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Beachwood Discusses Building an Incentive Framework for Economic Development

A presentation from the city's economic development director laid out ideas on how the city could attract more businesses

Beachwood Discusses Building an Incentive Framework for Economic Development

Beachwood wanted to attract more businesses for years, and now officials have a plan to achieve that goal.

Economic Development Director Jim Doutt gave other city officials a presentation Monday on the types of firms they should target, how they should go about doing so and the selling points for their city.

"It just makes so much common sense to build this framework because it can be used as an economic development springboard for this community for years to come," Doutt said.

The framework Doutt discussed for nearly 90 minutes arose from the SZD Whiteboard study, conducted in 2011. Doutt said the initial, "out of the gate" steps of the framework are:

  • Creating a Job Creation Incentive Program. The program would incentivize companies interested in creating jobs that would add to the city's tax base. The program would be used as an attraction and retention tool with set thresholds based on the number of jobs a company could provide and how much an applicant could provide to the tax base. Each grant would be approved by council and Mayor Merle Gorden.
  • Beachwood Opportunity Fund. This loan fund would support early stage firms that are close to commercialization.
  • A "Soft Landing" Rent Support Program. This tool would provide an incentive to smaller companies, particularly those looking to relocate to Beachwood. It would be rooted in public-private partnerships with third-party Realtors or property owners looking to fill space.
  • Community Improvement Corporation. Such an organization can be set up as a public-private partnership or a 501(c)(3) nonprofit that accepts private donations. CICs can buy or lease buildings or hand out loans, Doutt said. The director cited the City of Wooster as a prime example. In Beachwood, a CIC could be an effective tool to give Commerce Park a "shot of rejuvenation," Doutt said.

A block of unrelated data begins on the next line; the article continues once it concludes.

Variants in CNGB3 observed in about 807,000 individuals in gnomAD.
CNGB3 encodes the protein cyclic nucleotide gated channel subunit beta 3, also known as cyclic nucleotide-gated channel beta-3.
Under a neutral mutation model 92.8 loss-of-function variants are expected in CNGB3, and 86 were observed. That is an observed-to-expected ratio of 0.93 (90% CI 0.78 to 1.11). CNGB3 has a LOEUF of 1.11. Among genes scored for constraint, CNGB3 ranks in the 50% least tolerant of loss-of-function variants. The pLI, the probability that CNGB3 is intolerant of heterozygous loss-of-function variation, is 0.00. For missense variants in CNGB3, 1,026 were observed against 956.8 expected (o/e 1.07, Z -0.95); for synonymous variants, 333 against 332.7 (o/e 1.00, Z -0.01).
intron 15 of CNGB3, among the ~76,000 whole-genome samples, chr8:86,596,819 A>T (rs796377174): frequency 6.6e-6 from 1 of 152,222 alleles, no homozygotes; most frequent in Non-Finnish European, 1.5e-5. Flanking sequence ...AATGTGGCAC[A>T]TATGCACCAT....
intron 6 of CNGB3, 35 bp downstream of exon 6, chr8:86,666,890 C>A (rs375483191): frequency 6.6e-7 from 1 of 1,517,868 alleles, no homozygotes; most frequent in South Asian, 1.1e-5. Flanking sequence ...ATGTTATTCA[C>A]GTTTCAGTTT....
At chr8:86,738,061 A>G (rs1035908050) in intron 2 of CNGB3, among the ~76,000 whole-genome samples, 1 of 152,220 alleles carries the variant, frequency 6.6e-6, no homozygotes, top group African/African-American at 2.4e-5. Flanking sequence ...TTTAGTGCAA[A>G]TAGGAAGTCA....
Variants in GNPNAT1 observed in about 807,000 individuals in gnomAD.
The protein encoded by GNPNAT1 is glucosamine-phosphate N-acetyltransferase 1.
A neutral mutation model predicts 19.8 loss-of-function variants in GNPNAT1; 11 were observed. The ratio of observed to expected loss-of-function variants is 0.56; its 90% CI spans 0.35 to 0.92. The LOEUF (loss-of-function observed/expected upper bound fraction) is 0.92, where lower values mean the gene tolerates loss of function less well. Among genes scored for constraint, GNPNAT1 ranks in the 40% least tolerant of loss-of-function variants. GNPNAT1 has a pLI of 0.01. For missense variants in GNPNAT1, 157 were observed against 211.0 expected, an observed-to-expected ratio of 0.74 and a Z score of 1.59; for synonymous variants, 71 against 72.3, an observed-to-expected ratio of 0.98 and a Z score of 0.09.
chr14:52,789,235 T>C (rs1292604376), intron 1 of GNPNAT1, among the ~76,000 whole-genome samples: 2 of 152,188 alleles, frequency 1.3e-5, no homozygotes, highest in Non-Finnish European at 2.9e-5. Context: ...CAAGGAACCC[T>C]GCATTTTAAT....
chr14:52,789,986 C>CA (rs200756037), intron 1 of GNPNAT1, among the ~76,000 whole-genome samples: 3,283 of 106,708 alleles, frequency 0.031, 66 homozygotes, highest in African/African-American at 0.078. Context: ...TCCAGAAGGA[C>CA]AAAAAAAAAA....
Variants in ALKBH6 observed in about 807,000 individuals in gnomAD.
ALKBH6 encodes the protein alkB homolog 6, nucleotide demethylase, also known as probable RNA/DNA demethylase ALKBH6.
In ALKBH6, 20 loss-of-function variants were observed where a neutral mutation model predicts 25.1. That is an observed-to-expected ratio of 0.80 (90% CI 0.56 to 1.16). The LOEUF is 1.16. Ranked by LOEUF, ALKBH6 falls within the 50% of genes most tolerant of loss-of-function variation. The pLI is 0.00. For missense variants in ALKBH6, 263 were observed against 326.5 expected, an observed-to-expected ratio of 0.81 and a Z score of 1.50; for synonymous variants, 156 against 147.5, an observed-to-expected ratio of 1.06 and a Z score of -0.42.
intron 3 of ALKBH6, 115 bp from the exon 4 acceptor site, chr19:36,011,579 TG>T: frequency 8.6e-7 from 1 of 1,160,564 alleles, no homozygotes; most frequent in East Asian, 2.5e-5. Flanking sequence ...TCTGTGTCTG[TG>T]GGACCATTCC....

Those incentives, coupled with establishing the advantages of doing business in Beachwood, should give the city a chance to attract more firms and spur more economic development, Doutt said.

"We're a top destination, a corporate center," Doutt said. "We can make claims that other communities can't claim."

The first elements of the plan that residents will see is the creation of the Job Creation Tax Incentive program. Doutt hopes to prepare legislation in the near future.

Doutt named about a dozen Northeast Ohio communities with economic development tools he has studied, and he also gleaned ideas from some of their directors. He admitted that his city is "not in the same league" as some of those communities, despite all of Beachwood's apparent advantages.

"Everybody around us has got (similar incentives)," Doutt said. "The list is expansive.

"We need to have a framework in place if we're going to market Beachwood as a great place to do business."

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